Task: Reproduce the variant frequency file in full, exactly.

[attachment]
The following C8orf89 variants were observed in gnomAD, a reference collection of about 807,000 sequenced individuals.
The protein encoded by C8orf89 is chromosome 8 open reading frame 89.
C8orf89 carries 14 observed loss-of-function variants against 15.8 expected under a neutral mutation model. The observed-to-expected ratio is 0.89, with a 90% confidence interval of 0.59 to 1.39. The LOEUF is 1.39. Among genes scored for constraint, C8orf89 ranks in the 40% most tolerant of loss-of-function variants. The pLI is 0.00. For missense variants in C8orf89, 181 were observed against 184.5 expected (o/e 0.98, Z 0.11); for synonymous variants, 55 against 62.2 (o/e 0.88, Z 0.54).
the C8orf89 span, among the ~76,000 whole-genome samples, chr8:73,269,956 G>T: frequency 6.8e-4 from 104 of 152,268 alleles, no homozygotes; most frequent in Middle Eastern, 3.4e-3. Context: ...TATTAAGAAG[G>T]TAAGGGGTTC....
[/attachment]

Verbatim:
The following C8orf89 variants were observed in gnomAD, a reference collection of about 807,000 sequenced individuals.
The protein encoded by C8orf89 is chromosome 8 open reading frame 89.
C8orf89 carries 14 observed loss-of-function variants against 15.8 expected under a neutral mutation model. The observed-to-expected ratio is 0.89, with a 90% confidence interval of 0.59 to 1.39. The LOEUF is 1.39. Among genes scored for constraint, C8orf89 ranks in the 40% most tolerant of loss-of-function variants. The pLI is 0.00. For missense variants in C8orf89, 181 were observed against 184.5 expected (o/e 0.98, Z 0.11); for synonymous variants, 55 against 62.2 (o/e 0.88, Z 0.54).
the C8orf89 span, among the ~76,000 whole-genome samples, chr8:73,269,956 G>T: frequency 6.8e-4 from 104 of 152,268 alleles, no homozygotes; most frequent in Middle Eastern, 3.4e-3. Context: ...TATTAAGAAG[G>T]TAAGGGGTTC....